(Hat tip to my sisters Sarah and Amanda, who both shared posts about this on Facebook and thus inspired this post)
So, this week, I’m going to do something a little bit different: rather than talking about a mythological creature, figure, or story, I’m going to instead talk about a tradition. And, since Christmas is almost upon us, I am going to talk about the Welsh tradition of Mari Lwyd.
So, what is Mari Lwyd, you may ask? Well, it’s a Welsh wassailing tradition. And what is involved in this tradition? You know those toys that are basically a plush horse head on a stick that kids ride around on? It’s kind of like that, except it’s a literal horse skull. Which is also called Mari Lwyd.
Yeah, people take a horse skull, decorate it, drape a white cloth over the stick to hide it and the person carrying it, then parade it around town.
They then go up to people’s houses where, instead of the owners running and screaming like I probably would, engage it in a contest called pwnco. This involves responding to the Mari Lwyd’s statements with increasingly witty rhymes. This, theoretically, can go on for hours, but when the contest is over, the Mari Lwyd and its retinue are allowed inside, where they are given food and drink.
The tradition is currently associated with Christmad, but, like a number of these traditions, it’s believed to actually predate Christianity. Some believe that it may have actually been associated with Samhain, a pre-Christian harvest festival currently conflated with Halloween. Others believe that it may have been a fertility right. Unfortunately, we can’t really say for certain, since the origins of the tradition have been lost in the mists of time.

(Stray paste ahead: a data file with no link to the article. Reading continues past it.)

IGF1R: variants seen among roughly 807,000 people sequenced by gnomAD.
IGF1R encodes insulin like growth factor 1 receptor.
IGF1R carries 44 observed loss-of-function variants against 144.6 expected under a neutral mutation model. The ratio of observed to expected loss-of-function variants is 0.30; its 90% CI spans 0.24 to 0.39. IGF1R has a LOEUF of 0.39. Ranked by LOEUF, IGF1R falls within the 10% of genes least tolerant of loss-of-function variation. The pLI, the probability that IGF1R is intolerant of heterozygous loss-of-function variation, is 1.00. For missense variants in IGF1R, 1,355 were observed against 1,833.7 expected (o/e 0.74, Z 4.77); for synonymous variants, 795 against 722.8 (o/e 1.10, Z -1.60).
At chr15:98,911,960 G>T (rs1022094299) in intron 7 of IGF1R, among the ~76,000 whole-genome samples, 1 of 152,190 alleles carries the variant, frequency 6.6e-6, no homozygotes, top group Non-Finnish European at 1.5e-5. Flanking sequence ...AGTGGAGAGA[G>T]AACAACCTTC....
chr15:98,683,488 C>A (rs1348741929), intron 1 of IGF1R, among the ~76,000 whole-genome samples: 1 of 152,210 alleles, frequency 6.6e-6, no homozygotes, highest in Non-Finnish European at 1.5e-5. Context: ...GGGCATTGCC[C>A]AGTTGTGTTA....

As for what the words “mari lwyd” mean, well, there are some conflicting translations for that as well. Some give the words the meaning of “gray mare” or “white mare,” which makes sense, because horse. Some translate it as “Holy Mary,” which helps cement its connection to Christmas. Though what the Virgin Mary has to do with horse skulls is beyond me.
This is another one of those things I’m kinda conflicted about. On the one hand, a lot of the Mari Lwyds I saw are ridiculously creepy. On the other hand, getting shitfaced with your friends and challenging random strangers to rap battles sounds like a lot of fun.
Either way, it’s really interesting to me how Christian traditions ended up mingling with local pagan traditions as the religion spread.
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